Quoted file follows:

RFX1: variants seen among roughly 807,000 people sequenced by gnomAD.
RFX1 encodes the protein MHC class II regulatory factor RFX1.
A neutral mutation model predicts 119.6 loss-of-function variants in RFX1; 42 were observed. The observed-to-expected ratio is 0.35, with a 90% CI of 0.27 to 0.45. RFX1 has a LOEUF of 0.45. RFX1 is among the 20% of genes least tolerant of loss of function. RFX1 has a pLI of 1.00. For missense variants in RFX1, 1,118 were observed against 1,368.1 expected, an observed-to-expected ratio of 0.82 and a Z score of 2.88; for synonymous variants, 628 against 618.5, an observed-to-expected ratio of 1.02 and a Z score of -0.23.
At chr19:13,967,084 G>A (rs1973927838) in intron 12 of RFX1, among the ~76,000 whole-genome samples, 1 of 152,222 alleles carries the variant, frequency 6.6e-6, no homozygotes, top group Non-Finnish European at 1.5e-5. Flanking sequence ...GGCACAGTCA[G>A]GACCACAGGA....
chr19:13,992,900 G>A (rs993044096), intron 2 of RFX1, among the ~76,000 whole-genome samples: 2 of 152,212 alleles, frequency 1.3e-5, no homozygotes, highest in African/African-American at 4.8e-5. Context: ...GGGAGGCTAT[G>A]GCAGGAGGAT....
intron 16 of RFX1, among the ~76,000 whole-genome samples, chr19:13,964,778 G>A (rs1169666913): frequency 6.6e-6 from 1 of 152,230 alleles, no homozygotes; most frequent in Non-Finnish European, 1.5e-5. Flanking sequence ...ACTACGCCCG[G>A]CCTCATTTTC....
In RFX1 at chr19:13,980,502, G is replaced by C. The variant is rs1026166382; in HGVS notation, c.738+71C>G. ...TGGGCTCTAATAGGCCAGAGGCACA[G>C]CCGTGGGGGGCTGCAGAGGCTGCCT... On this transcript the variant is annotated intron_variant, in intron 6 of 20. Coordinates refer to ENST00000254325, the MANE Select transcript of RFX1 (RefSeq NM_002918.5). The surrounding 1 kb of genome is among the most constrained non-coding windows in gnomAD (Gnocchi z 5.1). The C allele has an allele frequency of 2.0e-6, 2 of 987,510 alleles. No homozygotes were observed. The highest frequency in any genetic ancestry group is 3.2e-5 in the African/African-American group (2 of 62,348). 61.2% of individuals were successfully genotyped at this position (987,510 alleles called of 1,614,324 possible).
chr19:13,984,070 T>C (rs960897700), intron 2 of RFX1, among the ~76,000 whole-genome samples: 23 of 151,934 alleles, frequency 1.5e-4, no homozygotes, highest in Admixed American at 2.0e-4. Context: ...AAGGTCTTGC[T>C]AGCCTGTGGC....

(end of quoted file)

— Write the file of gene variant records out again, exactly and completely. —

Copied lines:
RFX1: variants seen among roughly 807,000 people sequenced by gnomAD.
RFX1 encodes the protein MHC class II regulatory factor RFX1.
A neutral mutation model predicts 119.6 loss-of-function variants in RFX1; 42 were observed. The observed-to-expected ratio is 0.35, with a 90% CI of 0.27 to 0.45. RFX1 has a LOEUF of 0.45. RFX1 is among the 20% of genes least tolerant of loss of function. RFX1 has a pLI of 1.00. For missense variants in RFX1, 1,118 were observed against 1,368.1 expected, an observed-to-expected ratio of 0.82 and a Z score of 2.88; for synonymous variants, 628 against 618.5, an observed-to-expected ratio of 1.02 and a Z score of -0.23.
At chr19:13,967,084 G>A (rs1973927838) in intron 12 of RFX1, among the ~76,000 whole-genome samples, 1 of 152,222 alleles carries the variant, frequency 6.6e-6, no homozygotes, top group Non-Finnish European at 1.5e-5. Flanking sequence ...GGCACAGTCA[G>A]GACCACAGGA....
chr19:13,992,900 G>A (rs993044096), intron 2 of RFX1, among the ~76,000 whole-genome samples: 2 of 152,212 alleles, frequency 1.3e-5, no homozygotes, highest in African/African-American at 4.8e-5. Context: ...GGGAGGCTAT[G>A]GCAGGAGGAT....
intron 16 of RFX1, among the ~76,000 whole-genome samples, chr19:13,964,778 G>A (rs1169666913): frequency 6.6e-6 from 1 of 152,230 alleles, no homozygotes; most frequent in Non-Finnish European, 1.5e-5. Flanking sequence ...ACTACGCCCG[G>A]CCTCATTTTC....
In RFX1 at chr19:13,980,502, G is replaced by C. The variant is rs1026166382; in HGVS notation, c.738+71C>G. ...TGGGCTCTAATAGGCCAGAGGCACA[G>C]CCGTGGGGGGCTGCAGAGGCTGCCT... On this transcript the variant is annotated intron_variant, in intron 6 of 20. Coordinates refer to ENST00000254325, the MANE Select transcript of RFX1 (RefSeq NM_002918.5). The surrounding 1 kb of genome is among the most constrained non-coding windows in gnomAD (Gnocchi z 5.1). The C allele has an allele frequency of 2.0e-6, 2 of 987,510 alleles. No homozygotes were observed. The highest frequency in any genetic ancestry group is 3.2e-5 in the African/African-American group (2 of 62,348). 61.2% of individuals were successfully genotyped at this position (987,510 alleles called of 1,614,324 possible).
chr19:13,984,070 T>C (rs960897700), intron 2 of RFX1, among the ~76,000 whole-genome samples: 23 of 151,934 alleles, frequency 1.5e-4, no homozygotes, highest in Admixed American at 2.0e-4. Context: ...AAGGTCTTGC[T>C]AGCCTGTGGC....